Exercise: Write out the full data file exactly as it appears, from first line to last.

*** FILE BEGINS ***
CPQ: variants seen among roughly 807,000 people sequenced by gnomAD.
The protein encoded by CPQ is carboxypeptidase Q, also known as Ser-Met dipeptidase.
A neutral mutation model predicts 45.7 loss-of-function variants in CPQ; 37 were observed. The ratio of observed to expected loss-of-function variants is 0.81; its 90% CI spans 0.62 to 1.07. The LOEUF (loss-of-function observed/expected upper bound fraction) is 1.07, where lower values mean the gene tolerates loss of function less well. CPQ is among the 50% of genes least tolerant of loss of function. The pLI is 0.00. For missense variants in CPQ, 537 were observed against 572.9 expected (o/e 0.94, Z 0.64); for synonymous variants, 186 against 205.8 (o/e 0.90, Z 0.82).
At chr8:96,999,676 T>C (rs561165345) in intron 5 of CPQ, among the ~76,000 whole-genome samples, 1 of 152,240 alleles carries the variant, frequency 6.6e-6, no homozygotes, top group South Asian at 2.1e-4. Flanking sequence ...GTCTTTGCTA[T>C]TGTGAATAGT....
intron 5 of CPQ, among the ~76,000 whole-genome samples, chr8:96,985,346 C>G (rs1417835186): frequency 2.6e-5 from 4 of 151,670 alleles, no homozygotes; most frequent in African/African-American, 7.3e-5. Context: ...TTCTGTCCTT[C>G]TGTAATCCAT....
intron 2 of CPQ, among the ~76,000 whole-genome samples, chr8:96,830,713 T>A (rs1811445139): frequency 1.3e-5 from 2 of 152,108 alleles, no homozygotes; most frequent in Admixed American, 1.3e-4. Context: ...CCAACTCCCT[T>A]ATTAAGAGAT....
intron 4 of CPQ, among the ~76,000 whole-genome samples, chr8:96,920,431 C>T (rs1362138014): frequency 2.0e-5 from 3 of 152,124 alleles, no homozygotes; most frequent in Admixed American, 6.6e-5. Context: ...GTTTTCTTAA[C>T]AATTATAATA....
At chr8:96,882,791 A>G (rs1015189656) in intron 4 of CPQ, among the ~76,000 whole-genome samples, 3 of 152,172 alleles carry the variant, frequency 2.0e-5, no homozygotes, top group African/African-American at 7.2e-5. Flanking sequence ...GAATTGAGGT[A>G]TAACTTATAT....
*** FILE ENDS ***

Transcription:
CPQ: variants seen among roughly 807,000 people sequenced by gnomAD.
The protein encoded by CPQ is carboxypeptidase Q, also known as Ser-Met dipeptidase.
A neutral mutation model predicts 45.7 loss-of-function variants in CPQ; 37 were observed. The ratio of observed to expected loss-of-function variants is 0.81; its 90% CI spans 0.62 to 1.07. The LOEUF (loss-of-function observed/expected upper bound fraction) is 1.07, where lower values mean the gene tolerates loss of function less well. CPQ is among the 50% of genes least tolerant of loss of function. The pLI is 0.00. For missense variants in CPQ, 537 were observed against 572.9 expected (o/e 0.94, Z 0.64); for synonymous variants, 186 against 205.8 (o/e 0.90, Z 0.82).
At chr8:96,999,676 T>C (rs561165345) in intron 5 of CPQ, among the ~76,000 whole-genome samples, 1 of 152,240 alleles carries the variant, frequency 6.6e-6, no homozygotes, top group South Asian at 2.1e-4. Flanking sequence ...GTCTTTGCTA[T>C]TGTGAATAGT....
intron 5 of CPQ, among the ~76,000 whole-genome samples, chr8:96,985,346 C>G (rs1417835186): frequency 2.6e-5 from 4 of 151,670 alleles, no homozygotes; most frequent in African/African-American, 7.3e-5. Context: ...TTCTGTCCTT[C>G]TGTAATCCAT....
intron 2 of CPQ, among the ~76,000 whole-genome samples, chr8:96,830,713 T>A (rs1811445139): frequency 1.3e-5 from 2 of 152,108 alleles, no homozygotes; most frequent in Admixed American, 1.3e-4. Context: ...CCAACTCCCT[T>A]ATTAAGAGAT....
intron 4 of CPQ, among the ~76,000 whole-genome samples, chr8:96,920,431 C>T (rs1362138014): frequency 2.0e-5 from 3 of 152,124 alleles, no homozygotes; most frequent in Admixed American, 6.6e-5. Context: ...GTTTTCTTAA[C>T]AATTATAATA....
At chr8:96,882,791 A>G (rs1015189656) in intron 4 of CPQ, among the ~76,000 whole-genome samples, 3 of 152,172 alleles carry the variant, frequency 2.0e-5, no homozygotes, top group African/African-American at 7.2e-5. Flanking sequence ...GAATTGAGGT[A>G]TAACTTATAT....